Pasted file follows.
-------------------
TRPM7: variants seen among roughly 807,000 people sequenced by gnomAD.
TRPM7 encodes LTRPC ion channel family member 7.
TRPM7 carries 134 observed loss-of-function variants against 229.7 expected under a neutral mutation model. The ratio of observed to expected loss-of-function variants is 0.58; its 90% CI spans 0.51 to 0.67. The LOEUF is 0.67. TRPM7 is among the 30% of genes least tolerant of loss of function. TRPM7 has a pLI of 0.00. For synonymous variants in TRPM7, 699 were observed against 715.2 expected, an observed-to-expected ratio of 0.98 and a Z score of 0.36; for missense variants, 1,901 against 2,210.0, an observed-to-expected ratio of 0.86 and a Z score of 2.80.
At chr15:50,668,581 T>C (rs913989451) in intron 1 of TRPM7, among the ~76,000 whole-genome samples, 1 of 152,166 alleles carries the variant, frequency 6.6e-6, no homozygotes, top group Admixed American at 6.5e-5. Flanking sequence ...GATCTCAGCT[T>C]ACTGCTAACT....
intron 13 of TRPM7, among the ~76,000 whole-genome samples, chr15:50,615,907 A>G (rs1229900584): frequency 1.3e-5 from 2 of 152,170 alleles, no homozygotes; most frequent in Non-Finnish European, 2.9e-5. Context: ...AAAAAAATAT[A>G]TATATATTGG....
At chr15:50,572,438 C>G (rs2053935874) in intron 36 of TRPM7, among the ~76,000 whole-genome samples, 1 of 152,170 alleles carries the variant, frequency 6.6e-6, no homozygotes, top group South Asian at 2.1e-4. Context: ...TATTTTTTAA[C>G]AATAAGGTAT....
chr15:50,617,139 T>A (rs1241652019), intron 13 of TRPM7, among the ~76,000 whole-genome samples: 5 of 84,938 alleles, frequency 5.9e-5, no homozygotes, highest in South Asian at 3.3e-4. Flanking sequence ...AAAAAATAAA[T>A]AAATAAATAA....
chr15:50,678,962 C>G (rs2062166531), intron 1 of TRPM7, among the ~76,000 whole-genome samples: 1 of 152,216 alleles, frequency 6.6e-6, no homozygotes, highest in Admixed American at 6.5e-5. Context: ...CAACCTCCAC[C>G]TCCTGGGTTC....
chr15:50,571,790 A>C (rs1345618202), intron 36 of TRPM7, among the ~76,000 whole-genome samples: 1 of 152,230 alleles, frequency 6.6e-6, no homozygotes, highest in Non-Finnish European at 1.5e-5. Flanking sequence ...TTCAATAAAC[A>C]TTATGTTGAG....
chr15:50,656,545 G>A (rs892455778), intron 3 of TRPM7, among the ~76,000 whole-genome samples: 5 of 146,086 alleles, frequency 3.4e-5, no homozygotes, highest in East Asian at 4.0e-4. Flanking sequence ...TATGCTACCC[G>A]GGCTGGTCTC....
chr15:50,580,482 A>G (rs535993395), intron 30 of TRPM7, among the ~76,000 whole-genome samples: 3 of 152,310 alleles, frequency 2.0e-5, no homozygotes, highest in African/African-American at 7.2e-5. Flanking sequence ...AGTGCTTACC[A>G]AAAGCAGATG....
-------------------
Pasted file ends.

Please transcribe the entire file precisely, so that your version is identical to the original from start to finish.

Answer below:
TRPM7: variants seen among roughly 807,000 people sequenced by gnomAD.
TRPM7 encodes LTRPC ion channel family member 7.
TRPM7 carries 134 observed loss-of-function variants against 229.7 expected under a neutral mutation model. The ratio of observed to expected loss-of-function variants is 0.58; its 90% CI spans 0.51 to 0.67. The LOEUF is 0.67. TRPM7 is among the 30% of genes least tolerant of loss of function. TRPM7 has a pLI of 0.00. For synonymous variants in TRPM7, 699 were observed against 715.2 expected, an observed-to-expected ratio of 0.98 and a Z score of 0.36; for missense variants, 1,901 against 2,210.0, an observed-to-expected ratio of 0.86 and a Z score of 2.80.
At chr15:50,668,581 T>C (rs913989451) in intron 1 of TRPM7, among the ~76,000 whole-genome samples, 1 of 152,166 alleles carries the variant, frequency 6.6e-6, no homozygotes, top group Admixed American at 6.5e-5. Flanking sequence ...GATCTCAGCT[T>C]ACTGCTAACT....
intron 13 of TRPM7, among the ~76,000 whole-genome samples, chr15:50,615,907 A>G (rs1229900584): frequency 1.3e-5 from 2 of 152,170 alleles, no homozygotes; most frequent in Non-Finnish European, 2.9e-5. Context: ...AAAAAAATAT[A>G]TATATATTGG....
At chr15:50,572,438 C>G (rs2053935874) in intron 36 of TRPM7, among the ~76,000 whole-genome samples, 1 of 152,170 alleles carries the variant, frequency 6.6e-6, no homozygotes, top group South Asian at 2.1e-4. Context: ...TATTTTTTAA[C>G]AATAAGGTAT....
chr15:50,617,139 T>A (rs1241652019), intron 13 of TRPM7, among the ~76,000 whole-genome samples: 5 of 84,938 alleles, frequency 5.9e-5, no homozygotes, highest in South Asian at 3.3e-4. Flanking sequence ...AAAAAATAAA[T>A]AAATAAATAA....
chr15:50,678,962 C>G (rs2062166531), intron 1 of TRPM7, among the ~76,000 whole-genome samples: 1 of 152,216 alleles, frequency 6.6e-6, no homozygotes, highest in Admixed American at 6.5e-5. Context: ...CAACCTCCAC[C>G]TCCTGGGTTC....
chr15:50,571,790 A>C (rs1345618202), intron 36 of TRPM7, among the ~76,000 whole-genome samples: 1 of 152,230 alleles, frequency 6.6e-6, no homozygotes, highest in Non-Finnish European at 1.5e-5. Flanking sequence ...TTCAATAAAC[A>C]TTATGTTGAG....
chr15:50,656,545 G>A (rs892455778), intron 3 of TRPM7, among the ~76,000 whole-genome samples: 5 of 146,086 alleles, frequency 3.4e-5, no homozygotes, highest in East Asian at 4.0e-4. Flanking sequence ...TATGCTACCC[G>A]GGCTGGTCTC....
chr15:50,580,482 A>G (rs535993395), intron 30 of TRPM7, among the ~76,000 whole-genome samples: 3 of 152,310 alleles, frequency 2.0e-5, no homozygotes, highest in African/African-American at 7.2e-5. Flanking sequence ...AGTGCTTACC[A>G]AAAGCAGATG....